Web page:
Full name: Total expenditure on health as a proportion of gross domestic product (GDP) (WHO estimates) (%)
- Supranational group of countries
- Year of measure
Years data is available: 1995—2014
Last updated: 14 September 2017
- WHO European Region
- Members of the European Union
- Members of the European Union before May 2004
- Members of the European Union after May 2004
- Commonwealth of Independent States
- Central Asian Republics Health Information Network members (CARINFONET)
- South-eastern Europe Health Network members (SEEHN)
- Nordic countries
Health 2020 core indicators were agreed by the WHO European Region Member States for monitoring progress towards the Health 2020 targets. Some of these indicators are based on official WHO sources and other are based on non-WHO sources, such as UNESCO and UNDP. Data from WHO sources can be accessed and queried at national level, while data from non-WHO sources is available in aggregated form, for groups of Member States.
Further information: DIR@euro.who.int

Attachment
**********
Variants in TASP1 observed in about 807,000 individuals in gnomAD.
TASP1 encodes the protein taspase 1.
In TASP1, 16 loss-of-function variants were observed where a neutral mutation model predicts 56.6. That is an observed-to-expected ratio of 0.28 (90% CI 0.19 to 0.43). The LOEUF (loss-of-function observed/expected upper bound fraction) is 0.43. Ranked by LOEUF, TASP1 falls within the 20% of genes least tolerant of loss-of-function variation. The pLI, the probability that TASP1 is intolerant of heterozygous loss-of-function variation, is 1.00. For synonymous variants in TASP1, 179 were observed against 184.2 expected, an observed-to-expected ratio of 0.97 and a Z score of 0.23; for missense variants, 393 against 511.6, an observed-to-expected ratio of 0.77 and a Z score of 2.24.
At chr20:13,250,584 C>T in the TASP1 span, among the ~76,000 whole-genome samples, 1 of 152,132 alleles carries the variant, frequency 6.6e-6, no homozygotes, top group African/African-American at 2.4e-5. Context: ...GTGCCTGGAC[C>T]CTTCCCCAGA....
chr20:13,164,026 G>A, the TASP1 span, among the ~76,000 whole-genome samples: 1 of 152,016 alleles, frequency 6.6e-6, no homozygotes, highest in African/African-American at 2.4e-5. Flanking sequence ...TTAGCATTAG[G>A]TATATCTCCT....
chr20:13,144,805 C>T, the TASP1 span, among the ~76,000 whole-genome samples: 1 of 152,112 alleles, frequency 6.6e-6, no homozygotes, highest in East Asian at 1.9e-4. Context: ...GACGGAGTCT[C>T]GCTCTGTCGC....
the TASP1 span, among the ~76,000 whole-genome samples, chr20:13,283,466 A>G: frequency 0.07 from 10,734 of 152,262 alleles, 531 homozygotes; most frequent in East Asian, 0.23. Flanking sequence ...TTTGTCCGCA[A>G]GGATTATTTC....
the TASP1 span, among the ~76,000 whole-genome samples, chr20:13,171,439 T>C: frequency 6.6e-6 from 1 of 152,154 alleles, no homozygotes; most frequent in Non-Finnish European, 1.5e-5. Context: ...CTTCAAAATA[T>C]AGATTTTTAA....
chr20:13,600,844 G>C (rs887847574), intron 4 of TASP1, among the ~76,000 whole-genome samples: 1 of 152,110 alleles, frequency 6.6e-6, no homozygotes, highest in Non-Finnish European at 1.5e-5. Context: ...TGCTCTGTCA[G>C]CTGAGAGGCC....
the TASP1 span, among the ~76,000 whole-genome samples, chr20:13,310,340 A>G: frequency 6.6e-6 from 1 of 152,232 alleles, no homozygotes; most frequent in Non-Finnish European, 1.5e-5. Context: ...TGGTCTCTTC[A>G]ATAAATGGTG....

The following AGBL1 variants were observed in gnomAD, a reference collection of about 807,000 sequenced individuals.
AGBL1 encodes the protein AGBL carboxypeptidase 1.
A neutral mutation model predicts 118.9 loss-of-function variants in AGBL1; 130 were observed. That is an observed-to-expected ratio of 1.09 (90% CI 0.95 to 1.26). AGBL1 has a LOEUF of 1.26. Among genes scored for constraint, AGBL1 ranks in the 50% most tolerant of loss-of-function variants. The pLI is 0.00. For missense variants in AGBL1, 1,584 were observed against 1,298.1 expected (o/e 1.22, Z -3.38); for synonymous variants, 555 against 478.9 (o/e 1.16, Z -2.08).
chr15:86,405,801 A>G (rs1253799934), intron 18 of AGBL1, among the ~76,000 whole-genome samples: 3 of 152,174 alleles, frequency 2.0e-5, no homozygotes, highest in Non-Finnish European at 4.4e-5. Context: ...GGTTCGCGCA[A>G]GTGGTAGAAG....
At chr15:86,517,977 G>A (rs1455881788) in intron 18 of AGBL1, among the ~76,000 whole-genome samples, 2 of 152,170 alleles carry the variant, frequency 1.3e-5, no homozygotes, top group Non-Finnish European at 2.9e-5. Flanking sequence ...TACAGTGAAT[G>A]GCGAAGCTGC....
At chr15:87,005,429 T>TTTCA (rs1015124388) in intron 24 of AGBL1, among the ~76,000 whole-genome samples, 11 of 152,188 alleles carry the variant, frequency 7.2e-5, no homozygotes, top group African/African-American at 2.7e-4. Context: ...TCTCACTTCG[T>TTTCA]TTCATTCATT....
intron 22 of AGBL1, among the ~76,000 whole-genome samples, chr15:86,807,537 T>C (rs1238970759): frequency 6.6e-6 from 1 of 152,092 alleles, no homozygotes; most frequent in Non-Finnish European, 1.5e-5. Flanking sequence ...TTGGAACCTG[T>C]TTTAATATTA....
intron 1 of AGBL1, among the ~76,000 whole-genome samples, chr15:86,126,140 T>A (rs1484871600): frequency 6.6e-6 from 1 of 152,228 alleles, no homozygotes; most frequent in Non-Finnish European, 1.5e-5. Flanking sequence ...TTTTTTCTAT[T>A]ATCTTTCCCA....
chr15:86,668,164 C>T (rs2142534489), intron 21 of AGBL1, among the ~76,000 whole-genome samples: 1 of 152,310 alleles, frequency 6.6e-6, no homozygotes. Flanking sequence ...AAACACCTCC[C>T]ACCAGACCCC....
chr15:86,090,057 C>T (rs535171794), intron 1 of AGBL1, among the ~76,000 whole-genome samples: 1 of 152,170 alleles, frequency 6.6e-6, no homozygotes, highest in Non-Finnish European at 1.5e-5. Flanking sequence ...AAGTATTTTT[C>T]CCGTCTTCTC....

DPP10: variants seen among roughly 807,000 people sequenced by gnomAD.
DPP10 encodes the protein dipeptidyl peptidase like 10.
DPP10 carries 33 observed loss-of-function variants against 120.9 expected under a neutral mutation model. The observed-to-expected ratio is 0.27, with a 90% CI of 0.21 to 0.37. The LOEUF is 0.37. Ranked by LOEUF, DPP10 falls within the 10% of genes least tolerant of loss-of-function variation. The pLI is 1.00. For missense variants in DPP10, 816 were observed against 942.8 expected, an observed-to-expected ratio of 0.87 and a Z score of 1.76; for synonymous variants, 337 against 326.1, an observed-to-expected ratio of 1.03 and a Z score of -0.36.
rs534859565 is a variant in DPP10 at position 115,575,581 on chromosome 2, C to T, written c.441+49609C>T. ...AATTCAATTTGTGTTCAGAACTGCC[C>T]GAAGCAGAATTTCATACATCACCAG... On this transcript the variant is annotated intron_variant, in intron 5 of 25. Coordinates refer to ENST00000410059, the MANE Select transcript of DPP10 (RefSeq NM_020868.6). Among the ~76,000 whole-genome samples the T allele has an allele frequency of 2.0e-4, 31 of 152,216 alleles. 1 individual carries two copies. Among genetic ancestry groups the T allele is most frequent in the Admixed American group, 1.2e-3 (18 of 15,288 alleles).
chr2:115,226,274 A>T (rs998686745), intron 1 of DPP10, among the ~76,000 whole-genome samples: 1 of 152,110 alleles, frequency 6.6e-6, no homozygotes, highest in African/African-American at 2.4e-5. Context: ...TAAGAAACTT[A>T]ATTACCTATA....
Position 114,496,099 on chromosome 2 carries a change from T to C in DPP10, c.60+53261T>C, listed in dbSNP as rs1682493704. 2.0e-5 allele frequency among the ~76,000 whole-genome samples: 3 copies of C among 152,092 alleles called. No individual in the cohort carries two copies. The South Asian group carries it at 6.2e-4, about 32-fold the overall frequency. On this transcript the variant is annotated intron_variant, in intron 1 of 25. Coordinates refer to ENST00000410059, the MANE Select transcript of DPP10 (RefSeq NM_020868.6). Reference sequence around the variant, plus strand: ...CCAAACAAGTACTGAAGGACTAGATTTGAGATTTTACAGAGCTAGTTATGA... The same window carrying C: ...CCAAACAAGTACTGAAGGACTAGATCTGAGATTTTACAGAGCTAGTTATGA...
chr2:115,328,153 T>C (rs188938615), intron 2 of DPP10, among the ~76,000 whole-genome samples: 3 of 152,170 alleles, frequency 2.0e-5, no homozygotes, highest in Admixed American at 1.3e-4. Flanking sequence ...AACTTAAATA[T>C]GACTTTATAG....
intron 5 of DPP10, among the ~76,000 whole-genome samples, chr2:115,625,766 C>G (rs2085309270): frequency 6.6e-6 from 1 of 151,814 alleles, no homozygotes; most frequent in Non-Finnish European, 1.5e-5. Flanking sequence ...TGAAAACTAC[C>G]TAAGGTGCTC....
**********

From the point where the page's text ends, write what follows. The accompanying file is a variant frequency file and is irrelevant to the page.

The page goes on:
European Health Information Initiative:
The European Health Statistics App:
(17) 5.1.c. Total expenditure on health (as a percentage of gross domestic product (GDP))
This is a core indicator of health financing systems. It contributes to the understanding of total expenditure on health relative to the beneficiary population, adjusted by purchasing power parity (PPP) to facilitate international comparisons.
Total health expenditure represents the sum of general government and private expenditure on health. Estimates for this indicator are produced by WHO jointly with OECD and the World Bank. The estimates are, to the greatest extent possible, based on the NHA classification (see the 2006 World health reportj for details). The sources include both nationally reported data and
estimates from international organizations such as the International Monetary Fund, OECD, UN and World Bank. They may therefore differ somewhat from official national statistics reported by countries.
The data presented here are WHO estimates, and not official statistics reported by countries to WHO.